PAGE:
Two final points.

Let’s not forget how all this foolishness started. People who wanted to bring President Obama down during the campaign sought desperately to transform Ayers from a washed-up radical into a washed-up, murdering radical. The goal was to tie Obama to a cop-killer, despite the lack of any credible evidence.

And let’s not forget Walter Schroeder, who left nine children. His brother John, also a Boston police officer, was murdered three years later. For all the anger and angst Ayers, Power, Saxe and their like have inspired over the years, it was the Schroeder family that suffered the most, and, I’m sure, is suffering still.

Update: Kincaid has written a hilarious response. He’s actually going to FOIA records about my contacts with the FBI.

23 thoughts on “Last words on the Weather Underground

  1. Bill Baar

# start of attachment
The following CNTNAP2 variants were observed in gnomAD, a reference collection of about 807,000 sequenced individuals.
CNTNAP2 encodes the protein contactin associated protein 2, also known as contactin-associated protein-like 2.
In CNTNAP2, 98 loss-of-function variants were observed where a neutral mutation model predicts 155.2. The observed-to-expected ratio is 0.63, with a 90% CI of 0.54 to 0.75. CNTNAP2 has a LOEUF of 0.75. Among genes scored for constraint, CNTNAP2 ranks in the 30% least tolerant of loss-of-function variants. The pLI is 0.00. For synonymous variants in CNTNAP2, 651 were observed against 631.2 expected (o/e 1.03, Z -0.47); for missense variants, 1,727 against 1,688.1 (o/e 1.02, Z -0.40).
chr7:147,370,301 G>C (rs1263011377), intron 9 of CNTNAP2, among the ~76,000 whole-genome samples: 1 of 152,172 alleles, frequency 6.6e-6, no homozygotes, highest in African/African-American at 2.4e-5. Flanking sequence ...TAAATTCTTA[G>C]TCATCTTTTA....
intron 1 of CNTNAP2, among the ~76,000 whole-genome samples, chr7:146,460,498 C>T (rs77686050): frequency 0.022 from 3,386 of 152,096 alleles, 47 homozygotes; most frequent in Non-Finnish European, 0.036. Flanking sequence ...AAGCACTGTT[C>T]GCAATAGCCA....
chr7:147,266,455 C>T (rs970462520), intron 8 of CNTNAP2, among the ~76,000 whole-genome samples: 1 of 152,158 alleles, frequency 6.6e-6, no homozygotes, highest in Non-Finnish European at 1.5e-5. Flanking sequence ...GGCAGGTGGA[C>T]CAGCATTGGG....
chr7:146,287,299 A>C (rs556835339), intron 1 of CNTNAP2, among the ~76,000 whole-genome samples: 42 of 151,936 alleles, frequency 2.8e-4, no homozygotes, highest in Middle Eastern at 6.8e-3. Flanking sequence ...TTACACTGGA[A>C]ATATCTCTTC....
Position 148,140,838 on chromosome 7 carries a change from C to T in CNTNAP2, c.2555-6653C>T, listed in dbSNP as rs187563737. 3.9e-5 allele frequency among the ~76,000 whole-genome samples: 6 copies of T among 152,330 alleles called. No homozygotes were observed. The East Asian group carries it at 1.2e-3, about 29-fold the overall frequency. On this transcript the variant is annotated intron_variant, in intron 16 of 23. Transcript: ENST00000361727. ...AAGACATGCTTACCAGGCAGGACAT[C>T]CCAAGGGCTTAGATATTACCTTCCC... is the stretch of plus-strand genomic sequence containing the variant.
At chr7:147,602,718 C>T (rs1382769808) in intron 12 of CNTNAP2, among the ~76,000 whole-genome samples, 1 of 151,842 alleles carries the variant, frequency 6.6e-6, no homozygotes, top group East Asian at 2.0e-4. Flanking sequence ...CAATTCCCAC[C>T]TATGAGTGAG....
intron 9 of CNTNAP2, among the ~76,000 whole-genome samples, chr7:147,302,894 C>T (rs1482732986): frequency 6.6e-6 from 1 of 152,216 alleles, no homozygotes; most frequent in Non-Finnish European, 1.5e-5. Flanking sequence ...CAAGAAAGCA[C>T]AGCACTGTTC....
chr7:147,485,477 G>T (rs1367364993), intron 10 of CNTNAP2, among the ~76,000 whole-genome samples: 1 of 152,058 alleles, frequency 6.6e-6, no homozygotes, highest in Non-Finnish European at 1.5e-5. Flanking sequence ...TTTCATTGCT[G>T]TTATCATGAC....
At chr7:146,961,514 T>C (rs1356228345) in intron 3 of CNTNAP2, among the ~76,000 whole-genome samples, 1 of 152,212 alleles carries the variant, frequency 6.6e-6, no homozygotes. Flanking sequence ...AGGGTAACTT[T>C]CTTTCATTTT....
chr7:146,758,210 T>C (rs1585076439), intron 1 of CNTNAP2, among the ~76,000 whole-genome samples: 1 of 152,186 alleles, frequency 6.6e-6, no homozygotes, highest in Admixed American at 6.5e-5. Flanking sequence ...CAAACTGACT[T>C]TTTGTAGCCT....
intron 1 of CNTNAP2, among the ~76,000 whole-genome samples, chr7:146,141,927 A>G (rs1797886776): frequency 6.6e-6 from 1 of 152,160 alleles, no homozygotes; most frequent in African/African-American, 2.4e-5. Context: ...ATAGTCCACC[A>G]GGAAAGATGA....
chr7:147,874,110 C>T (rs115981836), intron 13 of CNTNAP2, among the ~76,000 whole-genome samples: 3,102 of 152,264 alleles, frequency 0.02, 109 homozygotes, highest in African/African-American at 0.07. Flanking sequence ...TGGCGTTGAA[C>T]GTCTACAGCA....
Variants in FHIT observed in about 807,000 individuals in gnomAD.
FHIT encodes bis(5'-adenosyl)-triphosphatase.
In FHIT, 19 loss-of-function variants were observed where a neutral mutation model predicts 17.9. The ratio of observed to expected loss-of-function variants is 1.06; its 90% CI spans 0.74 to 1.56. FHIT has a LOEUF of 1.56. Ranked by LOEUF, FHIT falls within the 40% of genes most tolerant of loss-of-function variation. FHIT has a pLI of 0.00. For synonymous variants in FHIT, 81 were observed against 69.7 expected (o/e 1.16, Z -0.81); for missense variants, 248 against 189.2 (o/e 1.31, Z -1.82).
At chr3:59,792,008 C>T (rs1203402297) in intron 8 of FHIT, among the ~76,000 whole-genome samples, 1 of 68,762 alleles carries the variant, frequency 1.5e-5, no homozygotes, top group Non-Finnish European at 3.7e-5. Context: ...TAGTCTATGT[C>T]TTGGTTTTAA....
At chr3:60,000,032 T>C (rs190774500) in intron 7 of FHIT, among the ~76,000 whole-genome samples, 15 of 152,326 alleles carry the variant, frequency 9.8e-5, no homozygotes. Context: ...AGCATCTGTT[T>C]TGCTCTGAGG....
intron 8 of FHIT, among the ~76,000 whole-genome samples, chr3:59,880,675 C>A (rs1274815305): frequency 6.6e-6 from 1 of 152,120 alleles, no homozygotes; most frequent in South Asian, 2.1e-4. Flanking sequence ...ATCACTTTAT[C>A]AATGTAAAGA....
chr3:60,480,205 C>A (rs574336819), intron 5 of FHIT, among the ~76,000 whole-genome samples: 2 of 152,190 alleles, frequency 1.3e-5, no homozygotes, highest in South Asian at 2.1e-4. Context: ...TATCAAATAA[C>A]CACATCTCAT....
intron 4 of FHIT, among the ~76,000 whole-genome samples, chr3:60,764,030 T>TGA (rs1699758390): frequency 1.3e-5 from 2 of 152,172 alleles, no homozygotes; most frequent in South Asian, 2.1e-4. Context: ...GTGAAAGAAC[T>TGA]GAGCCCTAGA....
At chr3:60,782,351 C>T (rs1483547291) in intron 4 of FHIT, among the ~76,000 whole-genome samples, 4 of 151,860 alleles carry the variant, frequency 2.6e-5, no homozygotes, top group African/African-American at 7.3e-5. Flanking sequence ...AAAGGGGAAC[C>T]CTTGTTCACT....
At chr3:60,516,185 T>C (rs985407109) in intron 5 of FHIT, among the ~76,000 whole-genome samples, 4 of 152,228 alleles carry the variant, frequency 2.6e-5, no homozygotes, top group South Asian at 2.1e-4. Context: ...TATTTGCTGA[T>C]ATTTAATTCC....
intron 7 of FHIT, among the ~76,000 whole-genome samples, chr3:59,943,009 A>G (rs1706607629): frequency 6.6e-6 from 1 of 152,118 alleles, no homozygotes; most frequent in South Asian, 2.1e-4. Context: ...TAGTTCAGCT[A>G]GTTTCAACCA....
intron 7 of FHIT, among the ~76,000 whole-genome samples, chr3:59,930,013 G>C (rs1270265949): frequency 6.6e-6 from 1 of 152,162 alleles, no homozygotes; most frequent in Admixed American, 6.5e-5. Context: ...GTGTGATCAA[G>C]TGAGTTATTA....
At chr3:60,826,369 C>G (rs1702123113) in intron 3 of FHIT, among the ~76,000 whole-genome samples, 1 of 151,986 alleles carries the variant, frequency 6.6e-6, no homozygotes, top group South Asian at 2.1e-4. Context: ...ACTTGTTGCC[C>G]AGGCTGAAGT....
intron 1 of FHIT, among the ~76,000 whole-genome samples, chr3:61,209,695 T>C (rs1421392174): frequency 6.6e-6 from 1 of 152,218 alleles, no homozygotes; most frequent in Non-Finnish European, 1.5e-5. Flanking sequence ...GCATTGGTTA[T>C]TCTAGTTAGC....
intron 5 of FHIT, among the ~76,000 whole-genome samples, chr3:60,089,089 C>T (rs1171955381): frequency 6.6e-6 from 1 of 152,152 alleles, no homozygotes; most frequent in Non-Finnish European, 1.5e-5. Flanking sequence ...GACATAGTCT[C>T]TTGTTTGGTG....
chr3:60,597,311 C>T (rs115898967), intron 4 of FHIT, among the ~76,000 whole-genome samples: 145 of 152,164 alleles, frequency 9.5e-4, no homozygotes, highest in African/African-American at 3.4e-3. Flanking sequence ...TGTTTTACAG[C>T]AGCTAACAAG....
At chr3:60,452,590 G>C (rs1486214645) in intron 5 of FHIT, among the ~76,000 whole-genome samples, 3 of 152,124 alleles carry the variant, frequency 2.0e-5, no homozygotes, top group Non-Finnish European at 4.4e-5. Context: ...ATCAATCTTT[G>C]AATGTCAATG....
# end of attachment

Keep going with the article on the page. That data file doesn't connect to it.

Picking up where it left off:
Someone had U of I shut down access to the files Ayers had donated on the Chicago Annenberg Challange.Ever occur to you someone might be taking a look at what files the FBI has on Ayers?This is a Chicago crew in Wash now, steeped in Chicago ways…

  2. Michael Pahre

    Dan, nice summary, but I hope you are generally done with this kind of stuff.You could waste many FTEs correcting the record of false statements made by talk radio hosts and their cable brethren. And that’s what Media Matters does. Maybe you could twist MM’s arm to do the work next time?

  3. Paranutz

    Michael you failed to mention Former FBI informant Larry Grathwohl calling you yesterday to talk to you about the WU. You said you would talk to him. He would be able to tell you what he learned while “in” the WU as an informant. He called you immediately after he read Mr. Kincaids article. Why didn’t you mention his attempt to talk to you yesterday?

  4. Dan Kennedy